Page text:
I looked in her purse to find a comb so I could comb her hair. Its contents this time included a sock, cookie crumbs, cat food, two pairs of scissors and a disposable razor. It makes me chuckle just now to think about it, though at the time I was fishing the comb out, I didn’t like all the food crumbs. After combing her hair, I plunged my hand into the purse twice and just brought out fistfuls of as much of the crumbs as I could grab. I think it could upset Mom to see me dump all her belongings out of the purse, so I tried to clean it a little without any drastic action. She complained of bothersome hairs on her chin, so I have since placed a pair of tweezers in my purse so the next time I see her, I can tweeze her chin. I scooped the litter – again, not much to scoop. The cat isn’t looking so good. He isn’t thin, but he has lost weight. He is not grooming. I combed him for a little while and he tolerated it well. That, too, made me sad, as even though he hasn’t lived with me for quite awhile, he was sort of “my” cat in the way that our other cat had been my husband’s. This cat has always been sort of independent, but he would sit with me quite a bit, especially before we got dogs. He is about 13 years old. Not ancient, but definitely showing age more than he ever has before. He has always been quite fat and maybe that is now taking some toll, even though his health was never particularly bad when he was fat.

I found that Mom had left clumps of toilet paper and tissues all over the place. In her purse, on her coffee table, by the bed and on the bed. This made me wonder if she had been sick and blowing her nose. Except she showed no signs of illness of that sort today. I cleaned up all the stray tissue and threw it away. I also replaced her almost-gone toilet paper roll. She has had a funny relationship with toilet paper during her time in assisted living. She has always tended to think someone wants to steal it. She used to hide rolls in drawers and cupboards. One can only guess what the housekeeping staff thought of all the disappearing toilet paper, but they always made sure there was plenty of extra in Mom’s apartment. I imagine she would find a new roll, move it, and then think it had been stolen. She has a few suspicions like this, but thankfully she is not fully paranoid about everything.

I dropped her off at the dining room and checked the mail. The company holding an annuity that I am trying to surrender sent her a note trying to talk her out of canceling the contract. The letter said the cancellation as requested is being processed, but encouraged Mom to call to discuss other options. It’s a measly five thousand dollars, I thought to myself. Just let it go. How annoying to have a company place no trust in a customer to know what the hell she wants with her own money. I was happy to see that the cancellation and surrender is progressing, but I am going to call the letter writer to ensure that the process is really moving along. I will need that money to pay for assisted living in June. And still need to surrender one more annuity.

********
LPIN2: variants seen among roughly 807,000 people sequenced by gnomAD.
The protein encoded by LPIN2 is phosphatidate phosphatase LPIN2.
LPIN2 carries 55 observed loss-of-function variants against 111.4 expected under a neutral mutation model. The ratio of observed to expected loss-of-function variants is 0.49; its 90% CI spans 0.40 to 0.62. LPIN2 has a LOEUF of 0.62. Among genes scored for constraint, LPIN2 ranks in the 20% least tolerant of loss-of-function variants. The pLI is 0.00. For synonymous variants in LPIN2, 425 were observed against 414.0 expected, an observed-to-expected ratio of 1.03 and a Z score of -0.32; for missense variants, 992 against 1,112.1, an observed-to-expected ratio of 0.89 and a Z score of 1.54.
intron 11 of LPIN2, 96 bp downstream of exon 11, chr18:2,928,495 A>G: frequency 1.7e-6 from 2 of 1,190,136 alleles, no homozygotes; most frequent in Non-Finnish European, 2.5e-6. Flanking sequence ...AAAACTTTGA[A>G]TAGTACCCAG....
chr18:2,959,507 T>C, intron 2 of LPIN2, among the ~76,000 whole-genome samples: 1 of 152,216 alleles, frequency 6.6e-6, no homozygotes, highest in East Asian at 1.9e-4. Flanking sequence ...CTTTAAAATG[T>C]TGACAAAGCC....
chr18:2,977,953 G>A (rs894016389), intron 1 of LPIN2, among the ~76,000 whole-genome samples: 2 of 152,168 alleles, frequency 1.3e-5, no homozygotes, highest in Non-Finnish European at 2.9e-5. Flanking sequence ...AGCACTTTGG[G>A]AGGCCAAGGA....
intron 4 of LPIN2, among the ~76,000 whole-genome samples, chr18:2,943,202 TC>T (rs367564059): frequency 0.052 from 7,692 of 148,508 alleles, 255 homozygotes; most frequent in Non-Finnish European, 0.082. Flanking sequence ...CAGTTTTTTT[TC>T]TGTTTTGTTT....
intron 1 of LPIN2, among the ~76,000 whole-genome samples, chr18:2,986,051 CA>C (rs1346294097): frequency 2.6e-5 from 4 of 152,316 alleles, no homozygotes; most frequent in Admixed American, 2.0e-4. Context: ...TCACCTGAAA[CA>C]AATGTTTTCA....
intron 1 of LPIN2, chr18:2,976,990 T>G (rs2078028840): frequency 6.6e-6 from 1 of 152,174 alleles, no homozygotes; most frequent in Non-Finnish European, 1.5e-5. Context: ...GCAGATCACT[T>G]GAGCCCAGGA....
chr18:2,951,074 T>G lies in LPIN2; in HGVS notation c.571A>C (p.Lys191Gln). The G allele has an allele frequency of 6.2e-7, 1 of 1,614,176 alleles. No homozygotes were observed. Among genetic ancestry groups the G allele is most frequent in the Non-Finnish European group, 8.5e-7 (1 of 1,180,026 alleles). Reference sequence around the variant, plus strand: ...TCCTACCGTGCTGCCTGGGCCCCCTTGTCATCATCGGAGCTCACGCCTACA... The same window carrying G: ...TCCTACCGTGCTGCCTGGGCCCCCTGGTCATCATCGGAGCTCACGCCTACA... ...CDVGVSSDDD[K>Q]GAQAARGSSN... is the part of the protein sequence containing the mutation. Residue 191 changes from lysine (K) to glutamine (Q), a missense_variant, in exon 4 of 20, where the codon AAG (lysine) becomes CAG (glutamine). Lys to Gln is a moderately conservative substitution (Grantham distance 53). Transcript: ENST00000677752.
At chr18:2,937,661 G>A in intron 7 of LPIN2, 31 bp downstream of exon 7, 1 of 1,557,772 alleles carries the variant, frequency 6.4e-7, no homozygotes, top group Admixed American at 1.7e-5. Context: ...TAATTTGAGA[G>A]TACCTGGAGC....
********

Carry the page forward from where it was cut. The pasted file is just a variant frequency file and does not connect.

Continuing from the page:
So now I am quickly back to the usual grind. I’m already glad a long holiday weekend is in my future, I’m sure just because I am feeling tired. Ten hours in a car can do a number on the body. I’m sure this mood will pass. Also my sister is visiting next weekend, something to look forward to. For now I think I will read a book to occupy my mind so I can stop feeling sorry for myself.

Mother’s Day and a mom with dementia

I became increasingly upset by Mother’s Day marketing this past week or so. It is really amazing how every product known to humankind suddenly becomes the next best Mother’s Day gift opportunity. I did not expect this. I imagine people whose mothers have died have a terrible time with this holiday. It’s not so great with a mother with dementia, either.

Last year, Mom thought I was the one who deserved some sort of recognition for Mother’s Day. She referred to a facility calendar mentioning the holiday and said, “I’m sorry – I don’t have anything for you.” I just laughed it off at the time, told her she certainly had nothing to worry about. I might have even tried to explain to her that she was actually the mom, but I simply can’t recall. She still calls me her daughter from time to time when she introduces me to people at the facility. But when talking TO me for the past year or even more, she has said, on a phone message, for example, “This is Bonnie, Emily’s daughter… .” Or otherwise indicated in some way that she no longer had our relationship straight. The concept of having had children doesn’t seem to resonate with her. Relationships seem to be difficult for her. She calls her other children “relatives” sometimes. She recently referred to “our relatives from the north,” but I really didn’t know whom she was referring to. She also recently referred to having “met” me rather than having given birth to me. When she recently complimented my skin, I said, “I got that from you.” That made no sense to her at all.